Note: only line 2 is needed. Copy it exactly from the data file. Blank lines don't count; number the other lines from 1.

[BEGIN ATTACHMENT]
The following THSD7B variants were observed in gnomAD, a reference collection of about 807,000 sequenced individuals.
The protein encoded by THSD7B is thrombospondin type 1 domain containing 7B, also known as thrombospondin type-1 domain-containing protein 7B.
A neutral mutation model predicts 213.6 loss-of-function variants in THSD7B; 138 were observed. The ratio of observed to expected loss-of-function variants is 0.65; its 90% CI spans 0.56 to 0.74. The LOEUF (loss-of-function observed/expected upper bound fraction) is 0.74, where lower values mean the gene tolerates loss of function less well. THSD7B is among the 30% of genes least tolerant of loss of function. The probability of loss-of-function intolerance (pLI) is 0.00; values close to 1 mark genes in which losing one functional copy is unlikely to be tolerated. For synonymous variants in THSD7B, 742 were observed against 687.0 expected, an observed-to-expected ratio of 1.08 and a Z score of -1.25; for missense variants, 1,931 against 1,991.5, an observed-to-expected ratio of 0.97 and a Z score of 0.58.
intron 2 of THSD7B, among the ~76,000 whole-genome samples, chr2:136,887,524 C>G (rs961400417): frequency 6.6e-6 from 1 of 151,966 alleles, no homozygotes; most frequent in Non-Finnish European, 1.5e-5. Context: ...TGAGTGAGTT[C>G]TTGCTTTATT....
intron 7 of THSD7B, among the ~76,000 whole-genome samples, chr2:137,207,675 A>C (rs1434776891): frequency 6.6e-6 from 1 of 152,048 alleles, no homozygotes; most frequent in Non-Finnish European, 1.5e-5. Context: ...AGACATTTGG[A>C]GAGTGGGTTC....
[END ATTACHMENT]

The protein encoded by THSD7B is thrombospondin type 1 domain containing 7B, also known as thrombospondin type-1 domain-containing protein 7B.